Also at increased risk are people who take medication to reduce stomach acid, heart or diabetes medication, or have had recent antibiotic treatment or cancer therapies; these people should not eat raw or undercooked shellfish.
Cooking shellfish until the shells just open is not enough to kill Vibrio bacteria. Shellfish should be cooked to an internal temperature of 145°F for at least 15 seconds. As a general guideline:
· If boiling, continue to cook for 3 to 5 minutes after shells open.
· If steaming, continue to cook for 4 to 9 minutes after shells open.
In addition to monitoring for Vibrio the Department of Health monitors for biotoxins such as paralytic shellfish poisoning (PSP), amnesic shellfish poisoning (ASP), and diarrehtic shellfish poisoning (DSP) that have also been found in Washington waters. These biotoxins are not destroyed by cooking.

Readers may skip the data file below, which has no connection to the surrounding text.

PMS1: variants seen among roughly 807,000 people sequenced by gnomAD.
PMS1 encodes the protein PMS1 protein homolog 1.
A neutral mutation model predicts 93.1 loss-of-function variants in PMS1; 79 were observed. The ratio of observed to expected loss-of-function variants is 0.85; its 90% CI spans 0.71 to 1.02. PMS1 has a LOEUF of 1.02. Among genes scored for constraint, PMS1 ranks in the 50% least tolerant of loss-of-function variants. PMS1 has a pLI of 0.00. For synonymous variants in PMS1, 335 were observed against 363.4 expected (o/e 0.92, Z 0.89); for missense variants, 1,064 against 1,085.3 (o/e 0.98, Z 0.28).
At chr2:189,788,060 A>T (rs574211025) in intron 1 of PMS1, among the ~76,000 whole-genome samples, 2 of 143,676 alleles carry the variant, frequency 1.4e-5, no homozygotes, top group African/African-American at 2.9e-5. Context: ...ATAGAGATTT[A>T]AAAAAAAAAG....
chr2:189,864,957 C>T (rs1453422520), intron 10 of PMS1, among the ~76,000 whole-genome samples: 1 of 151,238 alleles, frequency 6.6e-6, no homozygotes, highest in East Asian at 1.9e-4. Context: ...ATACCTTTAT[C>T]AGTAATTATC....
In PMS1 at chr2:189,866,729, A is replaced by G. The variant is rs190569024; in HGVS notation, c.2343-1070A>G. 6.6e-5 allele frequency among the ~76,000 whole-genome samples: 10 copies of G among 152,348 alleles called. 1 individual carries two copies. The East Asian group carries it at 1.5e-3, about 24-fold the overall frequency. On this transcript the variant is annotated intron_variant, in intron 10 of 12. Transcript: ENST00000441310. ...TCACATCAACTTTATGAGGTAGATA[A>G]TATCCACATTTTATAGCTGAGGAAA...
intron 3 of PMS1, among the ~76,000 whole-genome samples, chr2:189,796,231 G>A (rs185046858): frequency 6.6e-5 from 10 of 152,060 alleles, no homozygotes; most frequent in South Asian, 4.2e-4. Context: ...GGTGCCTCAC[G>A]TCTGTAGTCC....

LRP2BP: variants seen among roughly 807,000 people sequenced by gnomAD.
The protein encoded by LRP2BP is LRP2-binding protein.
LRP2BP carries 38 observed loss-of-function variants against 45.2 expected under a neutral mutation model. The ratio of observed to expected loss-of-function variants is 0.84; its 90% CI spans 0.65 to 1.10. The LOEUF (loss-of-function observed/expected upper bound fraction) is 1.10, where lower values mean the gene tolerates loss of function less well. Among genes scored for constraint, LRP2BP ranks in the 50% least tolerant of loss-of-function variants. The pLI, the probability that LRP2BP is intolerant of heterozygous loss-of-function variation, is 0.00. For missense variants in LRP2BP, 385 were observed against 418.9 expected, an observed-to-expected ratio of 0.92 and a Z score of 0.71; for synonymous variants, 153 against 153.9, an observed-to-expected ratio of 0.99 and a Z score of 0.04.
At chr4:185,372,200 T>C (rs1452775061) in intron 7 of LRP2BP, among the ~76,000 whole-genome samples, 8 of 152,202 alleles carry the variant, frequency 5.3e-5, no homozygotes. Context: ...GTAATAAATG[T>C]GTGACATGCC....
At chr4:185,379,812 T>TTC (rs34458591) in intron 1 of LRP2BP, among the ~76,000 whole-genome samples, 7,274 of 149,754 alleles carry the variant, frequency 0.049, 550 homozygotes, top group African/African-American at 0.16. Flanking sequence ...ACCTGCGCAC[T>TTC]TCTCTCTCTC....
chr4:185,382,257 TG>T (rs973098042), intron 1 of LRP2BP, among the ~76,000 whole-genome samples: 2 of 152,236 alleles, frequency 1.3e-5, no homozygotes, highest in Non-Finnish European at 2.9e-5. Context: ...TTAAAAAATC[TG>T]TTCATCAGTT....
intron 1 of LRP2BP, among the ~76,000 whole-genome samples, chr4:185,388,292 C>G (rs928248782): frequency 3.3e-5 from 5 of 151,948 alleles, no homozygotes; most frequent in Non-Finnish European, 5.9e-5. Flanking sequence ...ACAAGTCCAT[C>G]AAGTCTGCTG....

People who eat shellfish contaminated with biotoxins can become seriously ill or even die. A person cannot tell if the toxin is present by looking at the water or the shellfish. Biotoxins such as PSP, also known as “red tide,” can only be detected by laboratory testing.
People who are harvesting shellfish can protect themselves from illness:
· Before gathering shellfish in the state people should call our toll-free, Biotoxin Hotline (1-800-562-5632) or check our shellfish safety website to see if there are any beach closures for vibrio, biotoxins, or pollution.
· Harvest shellfish from the beach as soon as possible after the tide recedes. Don’t harvest shellfish that have been exposed to the sun for more than two hours.
· Refrigerate or put shellfish on ice immediately after harvest.
· Cook shellfish to an internal temperature of 145°F for 15 seconds.